The Predom is not particularly difficult to work on but you will need good screwdrivers, a punch (maybe), and patience. I took mine apart for cleaning / lubing several months ago, so this is from memory.
Remove the grips; they tilt out from the top (held in by a tab at the bottom.)
Remove the threaded spring cover on the bottom of the grip; I had to use vice grips and a leather belt for padding to get it started. There is some spring preload - probably 10 pounds or so. No compressor is needed, just a little care. There should be two springs present.
Remove the stamped sheetmetal plate that was held in place by the spring cover.
Remove the barrel - there is a small lock screw on the right side that must be removed first; the main pivot screw can then be removed.
With the pivot bolt removed, rotate the barrel down; this will push the cocking lever down. Rotate the lever down so the little part that pushes the piston down is pointing upwards. It is then possible to remove the cocking lever from the bottom of the grip. The piston will not come out without doing this.
Now for the first annoying part - removing the piston. The sear that holds the piston in the cocked position makes getting the piston out a pain. I finally gave up and removed the pin that holds the sear lever in place. Reassembly of that is difficult because of the spring behind it. It may be possible to get the piston out with the sear in place but you would need to find a way to get the sear out of the way so the piston head can pass. Even with the sear out the piston seems to hang up on something and takes a bit of fiddling to remove. Maybe I am just not smart enough.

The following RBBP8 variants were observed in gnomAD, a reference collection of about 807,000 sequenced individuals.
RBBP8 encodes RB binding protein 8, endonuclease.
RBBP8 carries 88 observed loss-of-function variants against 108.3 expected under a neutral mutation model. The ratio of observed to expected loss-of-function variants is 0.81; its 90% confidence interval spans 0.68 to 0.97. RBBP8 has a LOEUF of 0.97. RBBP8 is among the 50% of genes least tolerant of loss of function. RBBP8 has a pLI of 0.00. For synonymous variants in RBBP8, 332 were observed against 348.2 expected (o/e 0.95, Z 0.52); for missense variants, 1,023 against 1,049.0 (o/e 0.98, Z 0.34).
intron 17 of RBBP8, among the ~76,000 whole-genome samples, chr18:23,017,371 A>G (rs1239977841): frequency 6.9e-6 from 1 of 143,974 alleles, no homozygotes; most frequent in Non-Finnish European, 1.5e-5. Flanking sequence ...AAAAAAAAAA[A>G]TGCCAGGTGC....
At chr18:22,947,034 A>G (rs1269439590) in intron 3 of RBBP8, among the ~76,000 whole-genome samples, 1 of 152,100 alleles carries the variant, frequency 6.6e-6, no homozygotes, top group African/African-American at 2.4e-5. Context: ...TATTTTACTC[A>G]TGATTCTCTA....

Once the piston is out you can clean/lube/etc. You can see the wear point on the lower, back part of the piston. I just lubed the areas that seemed to need it - parts of the piston, the spring ends, pivot screw, cocking lever tabs, etc.
Reassembly is mostly the reverse. If you remove the sear, note where the spring is as you are working. I think it was also necessary to hold down the trigger or a lever of the trigger mechanism to get the sear lever back into place. It is a pain, but just takes some patience. It must be done after the piston is back in place.
The spring cover will need to be more that hand tight or it will start to unscrew during firing.
If your mainsprings are worn out, JG Airguns has replacements for the Walther LP53 that work fine, although they may need to be shortened a coil or so. There is also some info on anotherairgunblog, but nothing on disassembly.
Paul in Liberty County